While these kinds of AI tools are incredibly empowering for users at this point in time, the reality is that “one worker, equipped with the right prompts, could bear the same workload as 7, in half the time.” It’s this kind of ROI that’s driving corporate interest worldwide:
Figure 4: AI adoption. Source = IBM Global AI Adoption Index
For those organizations that have borne the brunt of The Great Resignation in 2022, as well as for those left struggling following the latest round of Tech layoffs so far in 2023, AI may seem like a saving grace.
If you’re trying to do more with less, here are some key resources that can help:
- Watch our Webinar: Keeping Software Devs Happy by Automating Open Source Pains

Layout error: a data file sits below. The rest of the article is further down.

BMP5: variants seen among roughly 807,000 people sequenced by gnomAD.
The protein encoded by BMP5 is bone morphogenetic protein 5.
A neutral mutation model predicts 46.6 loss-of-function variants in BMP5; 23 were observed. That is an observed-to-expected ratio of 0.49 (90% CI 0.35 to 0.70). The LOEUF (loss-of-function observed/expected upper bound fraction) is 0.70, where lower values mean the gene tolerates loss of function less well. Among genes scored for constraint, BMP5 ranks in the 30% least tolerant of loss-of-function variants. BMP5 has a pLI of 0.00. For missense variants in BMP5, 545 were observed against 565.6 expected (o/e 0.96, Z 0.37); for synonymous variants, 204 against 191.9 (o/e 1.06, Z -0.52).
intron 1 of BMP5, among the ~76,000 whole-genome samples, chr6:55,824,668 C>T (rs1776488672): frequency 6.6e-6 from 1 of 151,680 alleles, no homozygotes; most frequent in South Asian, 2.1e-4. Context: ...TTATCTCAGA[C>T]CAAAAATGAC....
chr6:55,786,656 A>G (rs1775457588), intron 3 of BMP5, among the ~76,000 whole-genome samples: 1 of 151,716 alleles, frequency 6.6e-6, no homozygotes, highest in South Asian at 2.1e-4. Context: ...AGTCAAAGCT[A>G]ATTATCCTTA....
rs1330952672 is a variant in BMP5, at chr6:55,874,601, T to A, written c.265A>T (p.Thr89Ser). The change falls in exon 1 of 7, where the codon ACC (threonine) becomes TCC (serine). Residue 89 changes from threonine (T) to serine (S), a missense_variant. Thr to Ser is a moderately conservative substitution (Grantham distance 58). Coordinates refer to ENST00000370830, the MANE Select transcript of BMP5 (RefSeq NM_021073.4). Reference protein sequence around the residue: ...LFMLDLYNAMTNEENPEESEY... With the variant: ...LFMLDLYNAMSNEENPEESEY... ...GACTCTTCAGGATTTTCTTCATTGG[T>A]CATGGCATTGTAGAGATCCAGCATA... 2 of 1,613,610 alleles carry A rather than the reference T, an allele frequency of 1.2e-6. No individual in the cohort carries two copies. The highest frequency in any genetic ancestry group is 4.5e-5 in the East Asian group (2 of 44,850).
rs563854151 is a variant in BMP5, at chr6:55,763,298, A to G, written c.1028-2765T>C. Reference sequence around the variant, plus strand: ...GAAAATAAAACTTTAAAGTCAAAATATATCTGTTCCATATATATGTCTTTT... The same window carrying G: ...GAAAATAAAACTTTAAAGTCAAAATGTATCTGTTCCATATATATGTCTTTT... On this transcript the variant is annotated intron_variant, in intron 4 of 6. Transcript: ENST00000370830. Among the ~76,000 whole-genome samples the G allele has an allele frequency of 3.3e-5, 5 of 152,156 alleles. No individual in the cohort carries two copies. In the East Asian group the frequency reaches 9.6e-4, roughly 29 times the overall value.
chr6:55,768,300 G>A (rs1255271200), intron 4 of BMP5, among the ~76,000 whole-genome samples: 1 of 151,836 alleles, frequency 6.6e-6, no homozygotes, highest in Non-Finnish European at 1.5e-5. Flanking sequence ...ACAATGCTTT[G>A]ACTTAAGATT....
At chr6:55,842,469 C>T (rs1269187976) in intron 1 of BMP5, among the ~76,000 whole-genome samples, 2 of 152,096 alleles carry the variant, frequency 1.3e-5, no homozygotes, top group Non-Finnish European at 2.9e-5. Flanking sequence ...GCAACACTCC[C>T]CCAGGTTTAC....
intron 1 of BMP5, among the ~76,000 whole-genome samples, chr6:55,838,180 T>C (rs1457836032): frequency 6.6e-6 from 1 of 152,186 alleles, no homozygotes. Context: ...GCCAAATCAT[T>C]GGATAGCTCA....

- Learn how our Managed Open Source Distributions can help minimize developer team workloads.
Supply chain Levels for Software Artifacts (SLSA)
Google originally launched their SLSA initiative internally as a way to establish trust for both the proprietary and open source code their developer used. Like most software organizations, they had any number of methodologies and tools to help them profile the components in their software, but very few that allowed them to demonstrate the degree of security stringency for each. As a result, software companies continue to:
- Import compromised open source components from npm, PyPI, RubyGems, etc.
- Build software with bad dependencies.
- Ship compromised software to customers.